In other words, trying to force healthier recipes onto a season of Trisha Yearwood’s show Trisha’s Southern Kitchen in which she is primarily discussing Mama’s Fried Chicken With Gravy, could take away the escapist pleasure of spending time in the star’s orbit.

At least one Food Network show offers to lead novices into the kitchen. Worst Cooks in America promises that pretty much anyone can be taught to cook. If a newbie’s first successful home-cooked meal is fried chicken with honey mustard dipping sauce, their fifth or 50th might be spaghetti squash with roasted tomato sauce and chard. The kitchen path has many forks.

But if you’re not a new cook, and if you’ve already watched enough food TV to be able to tell crème brûlée from flan, maybe it’s time to take the food TV path less traveled. If you’re going to improve the way you eat, you ought to consider improving what you watch. You don’t go to mass market fast-food restaurants expecting to be served something healthy, dietitian Valerie Berkowitz told me. So why would you expect mass-market food TV to do so? To eat better stuff, watch better stuff. Start a diet with your eyes and your waist may follow.

Blocking social media feeds (“Feeds.” Interesting word, right?) from relentless brownie posters, as Pope suggests, is one way to start. But the next step is more fiber in your TV intake. Shows like the classy Chef’s Table on Netflix and even Action Bronson’s Fuck, That’s Delicious on Vice have found a new formula that does not rely on the stunt cooking of shows like Alton Brown’s latest Food Network competition show Cutthroat Kitchen. Netflix, Vice, and narrowly focused YouTube channels for vegans, gluten-free eaters, whole grain bakers, sugar-free dessertists, and explorers of every world cuisine are delivering content that can be healthy and respect the artistry and cultural heritage of great cooks.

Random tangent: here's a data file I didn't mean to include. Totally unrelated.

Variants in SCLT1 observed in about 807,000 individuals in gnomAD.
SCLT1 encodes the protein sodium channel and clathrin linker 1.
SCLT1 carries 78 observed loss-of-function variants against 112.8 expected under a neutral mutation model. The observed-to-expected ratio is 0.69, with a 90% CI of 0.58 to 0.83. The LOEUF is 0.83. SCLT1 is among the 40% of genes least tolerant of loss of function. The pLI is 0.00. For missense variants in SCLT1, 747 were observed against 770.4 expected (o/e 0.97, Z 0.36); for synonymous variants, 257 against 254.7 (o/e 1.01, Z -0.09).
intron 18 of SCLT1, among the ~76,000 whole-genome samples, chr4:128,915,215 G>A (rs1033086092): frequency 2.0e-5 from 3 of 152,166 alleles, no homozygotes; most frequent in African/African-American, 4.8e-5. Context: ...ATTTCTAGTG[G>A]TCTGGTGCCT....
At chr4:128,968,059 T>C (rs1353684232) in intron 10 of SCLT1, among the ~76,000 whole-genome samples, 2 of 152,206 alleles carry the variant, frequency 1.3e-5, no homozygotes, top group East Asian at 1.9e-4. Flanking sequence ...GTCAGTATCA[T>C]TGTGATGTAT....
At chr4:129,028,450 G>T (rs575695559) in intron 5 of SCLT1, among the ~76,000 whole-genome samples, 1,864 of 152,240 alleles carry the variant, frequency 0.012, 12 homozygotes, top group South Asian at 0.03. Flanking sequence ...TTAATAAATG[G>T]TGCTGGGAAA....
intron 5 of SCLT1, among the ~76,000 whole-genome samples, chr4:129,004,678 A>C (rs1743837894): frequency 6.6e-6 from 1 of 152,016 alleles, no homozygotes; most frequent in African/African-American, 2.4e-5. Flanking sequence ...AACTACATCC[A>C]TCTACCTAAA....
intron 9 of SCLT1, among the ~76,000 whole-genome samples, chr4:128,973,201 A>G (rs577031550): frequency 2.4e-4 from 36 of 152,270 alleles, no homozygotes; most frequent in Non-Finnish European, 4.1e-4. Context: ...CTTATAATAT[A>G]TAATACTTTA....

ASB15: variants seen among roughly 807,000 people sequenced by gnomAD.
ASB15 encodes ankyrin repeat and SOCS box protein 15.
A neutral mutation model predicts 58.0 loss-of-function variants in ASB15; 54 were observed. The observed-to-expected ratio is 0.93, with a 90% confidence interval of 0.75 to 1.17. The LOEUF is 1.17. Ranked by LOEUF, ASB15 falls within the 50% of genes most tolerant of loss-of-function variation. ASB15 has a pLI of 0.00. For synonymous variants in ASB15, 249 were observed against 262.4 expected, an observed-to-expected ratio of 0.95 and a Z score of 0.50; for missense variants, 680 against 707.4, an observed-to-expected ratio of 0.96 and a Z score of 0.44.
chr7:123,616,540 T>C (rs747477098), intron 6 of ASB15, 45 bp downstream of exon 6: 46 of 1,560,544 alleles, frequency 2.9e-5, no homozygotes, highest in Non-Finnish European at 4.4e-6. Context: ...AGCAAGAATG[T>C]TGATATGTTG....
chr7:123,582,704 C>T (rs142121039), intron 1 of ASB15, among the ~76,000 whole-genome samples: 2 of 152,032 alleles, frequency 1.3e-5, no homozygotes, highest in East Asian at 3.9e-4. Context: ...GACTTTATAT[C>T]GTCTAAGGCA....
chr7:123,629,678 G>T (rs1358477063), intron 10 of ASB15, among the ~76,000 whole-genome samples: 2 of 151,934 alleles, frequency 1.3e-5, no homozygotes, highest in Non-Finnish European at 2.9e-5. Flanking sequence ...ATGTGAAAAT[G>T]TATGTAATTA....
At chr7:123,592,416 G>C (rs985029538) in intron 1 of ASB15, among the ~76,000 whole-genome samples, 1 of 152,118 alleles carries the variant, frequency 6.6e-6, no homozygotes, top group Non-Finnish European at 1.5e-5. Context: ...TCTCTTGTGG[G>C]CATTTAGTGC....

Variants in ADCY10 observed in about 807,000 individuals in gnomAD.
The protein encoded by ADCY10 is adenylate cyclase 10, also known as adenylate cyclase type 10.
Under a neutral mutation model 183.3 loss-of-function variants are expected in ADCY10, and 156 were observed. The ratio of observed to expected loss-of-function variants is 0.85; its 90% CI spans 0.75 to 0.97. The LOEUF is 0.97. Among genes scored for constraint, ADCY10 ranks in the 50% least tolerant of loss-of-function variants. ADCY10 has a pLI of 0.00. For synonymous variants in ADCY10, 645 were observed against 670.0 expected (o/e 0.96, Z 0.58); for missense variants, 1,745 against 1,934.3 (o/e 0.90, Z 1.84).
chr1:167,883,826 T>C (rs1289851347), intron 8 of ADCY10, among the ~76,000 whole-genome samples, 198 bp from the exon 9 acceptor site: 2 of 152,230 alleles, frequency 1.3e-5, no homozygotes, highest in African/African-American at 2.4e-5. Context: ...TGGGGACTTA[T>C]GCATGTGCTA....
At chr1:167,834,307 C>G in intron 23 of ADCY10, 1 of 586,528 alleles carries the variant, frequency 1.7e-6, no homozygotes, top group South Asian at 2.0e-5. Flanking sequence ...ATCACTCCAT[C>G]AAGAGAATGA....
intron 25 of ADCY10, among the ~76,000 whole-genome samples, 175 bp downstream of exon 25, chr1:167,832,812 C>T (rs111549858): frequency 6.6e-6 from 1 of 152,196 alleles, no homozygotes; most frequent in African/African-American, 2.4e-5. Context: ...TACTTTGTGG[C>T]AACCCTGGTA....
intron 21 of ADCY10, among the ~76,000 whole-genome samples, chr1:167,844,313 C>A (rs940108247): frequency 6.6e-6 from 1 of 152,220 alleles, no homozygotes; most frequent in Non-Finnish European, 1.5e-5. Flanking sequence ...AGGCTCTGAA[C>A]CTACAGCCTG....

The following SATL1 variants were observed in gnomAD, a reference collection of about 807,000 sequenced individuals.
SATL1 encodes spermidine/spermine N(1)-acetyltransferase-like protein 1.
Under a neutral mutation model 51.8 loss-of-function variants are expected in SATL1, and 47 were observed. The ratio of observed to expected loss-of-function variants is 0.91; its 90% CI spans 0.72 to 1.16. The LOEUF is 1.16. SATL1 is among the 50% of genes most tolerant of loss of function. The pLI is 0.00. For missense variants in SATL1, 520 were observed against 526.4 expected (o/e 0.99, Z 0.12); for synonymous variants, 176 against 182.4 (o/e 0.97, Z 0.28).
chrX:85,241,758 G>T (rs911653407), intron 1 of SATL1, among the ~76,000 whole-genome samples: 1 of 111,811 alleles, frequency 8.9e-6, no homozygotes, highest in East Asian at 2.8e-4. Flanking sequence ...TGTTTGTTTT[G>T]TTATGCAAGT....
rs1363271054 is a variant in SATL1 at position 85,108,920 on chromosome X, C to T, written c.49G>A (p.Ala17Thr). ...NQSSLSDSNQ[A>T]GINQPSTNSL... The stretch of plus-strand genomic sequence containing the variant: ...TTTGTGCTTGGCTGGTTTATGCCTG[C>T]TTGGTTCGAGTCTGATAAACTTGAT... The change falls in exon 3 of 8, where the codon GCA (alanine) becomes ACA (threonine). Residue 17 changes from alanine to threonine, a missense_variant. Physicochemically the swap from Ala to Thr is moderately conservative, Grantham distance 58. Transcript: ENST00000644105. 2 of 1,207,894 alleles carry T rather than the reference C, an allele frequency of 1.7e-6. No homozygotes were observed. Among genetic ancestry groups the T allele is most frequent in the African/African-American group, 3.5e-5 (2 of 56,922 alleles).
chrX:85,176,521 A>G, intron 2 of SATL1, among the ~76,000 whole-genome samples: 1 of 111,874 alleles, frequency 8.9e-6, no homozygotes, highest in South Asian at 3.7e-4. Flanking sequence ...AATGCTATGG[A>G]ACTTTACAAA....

Or, at least try to do as Shields, the animator, does, and use Food Network’s stacks of French toast as inspiration to intensify your workouts, telling your sweating self, 'I can have that one day.' That s’mores pop? “It’s what you’re working towards,” Shields said. Not every day; maybe only rarely. But sometimes.

Allen Salkin is a journalist and filmmaker. He is the author of From Scratch: Inside the Food Network and Festivus: The Holiday for the Rest of Us.